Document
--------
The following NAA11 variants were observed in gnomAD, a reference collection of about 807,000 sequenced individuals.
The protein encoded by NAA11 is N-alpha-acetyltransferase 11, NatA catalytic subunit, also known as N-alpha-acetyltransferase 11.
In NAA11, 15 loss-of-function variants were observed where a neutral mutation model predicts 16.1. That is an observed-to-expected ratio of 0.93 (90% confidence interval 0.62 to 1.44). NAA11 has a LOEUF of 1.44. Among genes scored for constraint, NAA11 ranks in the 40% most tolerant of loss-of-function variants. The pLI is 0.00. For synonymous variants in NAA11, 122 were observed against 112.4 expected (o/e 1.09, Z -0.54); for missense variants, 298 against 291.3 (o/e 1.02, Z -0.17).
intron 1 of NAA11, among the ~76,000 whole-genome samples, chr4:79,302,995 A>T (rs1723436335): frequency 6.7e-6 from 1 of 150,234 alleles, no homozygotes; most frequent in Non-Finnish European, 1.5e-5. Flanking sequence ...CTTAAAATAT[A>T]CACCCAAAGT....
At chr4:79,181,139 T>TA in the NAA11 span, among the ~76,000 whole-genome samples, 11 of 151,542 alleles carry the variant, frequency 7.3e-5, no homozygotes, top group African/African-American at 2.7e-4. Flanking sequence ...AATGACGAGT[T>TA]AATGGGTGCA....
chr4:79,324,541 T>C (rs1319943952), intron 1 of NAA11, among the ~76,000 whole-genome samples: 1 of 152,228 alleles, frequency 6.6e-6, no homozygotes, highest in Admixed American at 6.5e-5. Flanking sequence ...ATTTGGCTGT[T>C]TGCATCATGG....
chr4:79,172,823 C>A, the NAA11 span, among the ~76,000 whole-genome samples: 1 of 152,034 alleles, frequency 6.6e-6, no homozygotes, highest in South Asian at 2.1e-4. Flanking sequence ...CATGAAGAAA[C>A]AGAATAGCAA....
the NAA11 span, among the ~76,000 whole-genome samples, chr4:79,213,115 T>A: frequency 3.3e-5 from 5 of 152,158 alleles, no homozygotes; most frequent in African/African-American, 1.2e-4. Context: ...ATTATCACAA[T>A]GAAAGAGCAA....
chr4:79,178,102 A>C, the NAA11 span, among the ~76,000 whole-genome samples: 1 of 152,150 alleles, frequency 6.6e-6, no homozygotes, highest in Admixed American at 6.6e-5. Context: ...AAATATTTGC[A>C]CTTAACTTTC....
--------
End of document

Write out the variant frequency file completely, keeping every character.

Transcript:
The following NAA11 variants were observed in gnomAD, a reference collection of about 807,000 sequenced individuals.
The protein encoded by NAA11 is N-alpha-acetyltransferase 11, NatA catalytic subunit, also known as N-alpha-acetyltransferase 11.
In NAA11, 15 loss-of-function variants were observed where a neutral mutation model predicts 16.1. That is an observed-to-expected ratio of 0.93 (90% confidence interval 0.62 to 1.44). NAA11 has a LOEUF of 1.44. Among genes scored for constraint, NAA11 ranks in the 40% most tolerant of loss-of-function variants. The pLI is 0.00. For synonymous variants in NAA11, 122 were observed against 112.4 expected (o/e 1.09, Z -0.54); for missense variants, 298 against 291.3 (o/e 1.02, Z -0.17).
intron 1 of NAA11, among the ~76,000 whole-genome samples, chr4:79,302,995 A>T (rs1723436335): frequency 6.7e-6 from 1 of 150,234 alleles, no homozygotes; most frequent in Non-Finnish European, 1.5e-5. Flanking sequence ...CTTAAAATAT[A>T]CACCCAAAGT....
At chr4:79,181,139 T>TA in the NAA11 span, among the ~76,000 whole-genome samples, 11 of 151,542 alleles carry the variant, frequency 7.3e-5, no homozygotes, top group African/African-American at 2.7e-4. Flanking sequence ...AATGACGAGT[T>TA]AATGGGTGCA....
chr4:79,324,541 T>C (rs1319943952), intron 1 of NAA11, among the ~76,000 whole-genome samples: 1 of 152,228 alleles, frequency 6.6e-6, no homozygotes, highest in Admixed American at 6.5e-5. Flanking sequence ...ATTTGGCTGT[T>C]TGCATCATGG....
chr4:79,172,823 C>A, the NAA11 span, among the ~76,000 whole-genome samples: 1 of 152,034 alleles, frequency 6.6e-6, no homozygotes, highest in South Asian at 2.1e-4. Flanking sequence ...CATGAAGAAA[C>A]AGAATAGCAA....
the NAA11 span, among the ~76,000 whole-genome samples, chr4:79,213,115 T>A: frequency 3.3e-5 from 5 of 152,158 alleles, no homozygotes; most frequent in African/African-American, 1.2e-4. Context: ...ATTATCACAA[T>A]GAAAGAGCAA....
chr4:79,178,102 A>C, the NAA11 span, among the ~76,000 whole-genome samples: 1 of 152,150 alleles, frequency 6.6e-6, no homozygotes, highest in Admixed American at 6.6e-5. Context: ...AAATATTTGC[A>C]CTTAACTTTC....